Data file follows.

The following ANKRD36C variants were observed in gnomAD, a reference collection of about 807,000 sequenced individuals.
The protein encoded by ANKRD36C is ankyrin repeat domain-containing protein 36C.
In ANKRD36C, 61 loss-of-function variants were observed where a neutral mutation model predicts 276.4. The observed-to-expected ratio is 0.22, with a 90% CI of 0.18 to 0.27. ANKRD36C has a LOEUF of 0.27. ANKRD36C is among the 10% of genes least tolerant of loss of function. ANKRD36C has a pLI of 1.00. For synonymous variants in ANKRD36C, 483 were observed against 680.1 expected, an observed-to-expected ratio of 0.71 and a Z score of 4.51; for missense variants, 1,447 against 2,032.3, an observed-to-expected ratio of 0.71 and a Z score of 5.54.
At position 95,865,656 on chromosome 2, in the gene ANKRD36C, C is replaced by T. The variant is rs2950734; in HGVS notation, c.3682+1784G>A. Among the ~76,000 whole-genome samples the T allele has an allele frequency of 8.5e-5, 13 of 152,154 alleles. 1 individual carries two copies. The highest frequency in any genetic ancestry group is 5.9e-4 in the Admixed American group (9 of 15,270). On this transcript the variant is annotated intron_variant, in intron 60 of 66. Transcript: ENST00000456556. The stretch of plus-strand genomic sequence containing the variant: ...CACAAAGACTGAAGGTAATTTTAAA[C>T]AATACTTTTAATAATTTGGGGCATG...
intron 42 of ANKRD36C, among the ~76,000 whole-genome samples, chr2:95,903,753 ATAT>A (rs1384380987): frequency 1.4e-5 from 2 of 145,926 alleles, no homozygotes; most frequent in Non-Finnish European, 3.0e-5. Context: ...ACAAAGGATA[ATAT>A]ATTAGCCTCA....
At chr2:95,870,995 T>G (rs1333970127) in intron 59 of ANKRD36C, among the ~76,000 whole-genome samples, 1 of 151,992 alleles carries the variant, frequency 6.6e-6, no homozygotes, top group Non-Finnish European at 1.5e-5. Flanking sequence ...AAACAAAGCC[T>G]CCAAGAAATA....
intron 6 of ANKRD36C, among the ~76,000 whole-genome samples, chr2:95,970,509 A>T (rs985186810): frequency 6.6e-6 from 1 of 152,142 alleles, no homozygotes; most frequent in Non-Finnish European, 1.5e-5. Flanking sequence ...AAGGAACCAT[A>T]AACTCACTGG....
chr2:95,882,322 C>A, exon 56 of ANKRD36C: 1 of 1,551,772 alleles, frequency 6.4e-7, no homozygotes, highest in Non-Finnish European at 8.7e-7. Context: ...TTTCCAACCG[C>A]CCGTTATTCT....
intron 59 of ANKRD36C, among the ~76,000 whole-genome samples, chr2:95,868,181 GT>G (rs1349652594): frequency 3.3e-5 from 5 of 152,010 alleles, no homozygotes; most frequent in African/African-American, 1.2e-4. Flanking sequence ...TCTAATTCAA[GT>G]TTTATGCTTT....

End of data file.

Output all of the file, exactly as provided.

The following ANKRD36C variants were observed in gnomAD, a reference collection of about 807,000 sequenced individuals.
The protein encoded by ANKRD36C is ankyrin repeat domain-containing protein 36C.
In ANKRD36C, 61 loss-of-function variants were observed where a neutral mutation model predicts 276.4. The observed-to-expected ratio is 0.22, with a 90% CI of 0.18 to 0.27. ANKRD36C has a LOEUF of 0.27. ANKRD36C is among the 10% of genes least tolerant of loss of function. ANKRD36C has a pLI of 1.00. For synonymous variants in ANKRD36C, 483 were observed against 680.1 expected, an observed-to-expected ratio of 0.71 and a Z score of 4.51; for missense variants, 1,447 against 2,032.3, an observed-to-expected ratio of 0.71 and a Z score of 5.54.
At position 95,865,656 on chromosome 2, in the gene ANKRD36C, C is replaced by T. The variant is rs2950734; in HGVS notation, c.3682+1784G>A. Among the ~76,000 whole-genome samples the T allele has an allele frequency of 8.5e-5, 13 of 152,154 alleles. 1 individual carries two copies. The highest frequency in any genetic ancestry group is 5.9e-4 in the Admixed American group (9 of 15,270). On this transcript the variant is annotated intron_variant, in intron 60 of 66. Transcript: ENST00000456556. The stretch of plus-strand genomic sequence containing the variant: ...CACAAAGACTGAAGGTAATTTTAAA[C>T]AATACTTTTAATAATTTGGGGCATG...
intron 42 of ANKRD36C, among the ~76,000 whole-genome samples, chr2:95,903,753 ATAT>A (rs1384380987): frequency 1.4e-5 from 2 of 145,926 alleles, no homozygotes; most frequent in Non-Finnish European, 3.0e-5. Context: ...ACAAAGGATA[ATAT>A]ATTAGCCTCA....
At chr2:95,870,995 T>G (rs1333970127) in intron 59 of ANKRD36C, among the ~76,000 whole-genome samples, 1 of 151,992 alleles carries the variant, frequency 6.6e-6, no homozygotes, top group Non-Finnish European at 1.5e-5. Flanking sequence ...AAACAAAGCC[T>G]CCAAGAAATA....
intron 6 of ANKRD36C, among the ~76,000 whole-genome samples, chr2:95,970,509 A>T (rs985186810): frequency 6.6e-6 from 1 of 152,142 alleles, no homozygotes; most frequent in Non-Finnish European, 1.5e-5. Flanking sequence ...AAGGAACCAT[A>T]AACTCACTGG....
chr2:95,882,322 C>A, exon 56 of ANKRD36C: 1 of 1,551,772 alleles, frequency 6.4e-7, no homozygotes, highest in Non-Finnish European at 8.7e-7. Context: ...TTTCCAACCG[C>A]CCGTTATTCT....
intron 59 of ANKRD36C, among the ~76,000 whole-genome samples, chr2:95,868,181 GT>G (rs1349652594): frequency 3.3e-5 from 5 of 152,010 alleles, no homozygotes; most frequent in African/African-American, 1.2e-4. Flanking sequence ...TCTAATTCAA[GT>G]TTTATGCTTT....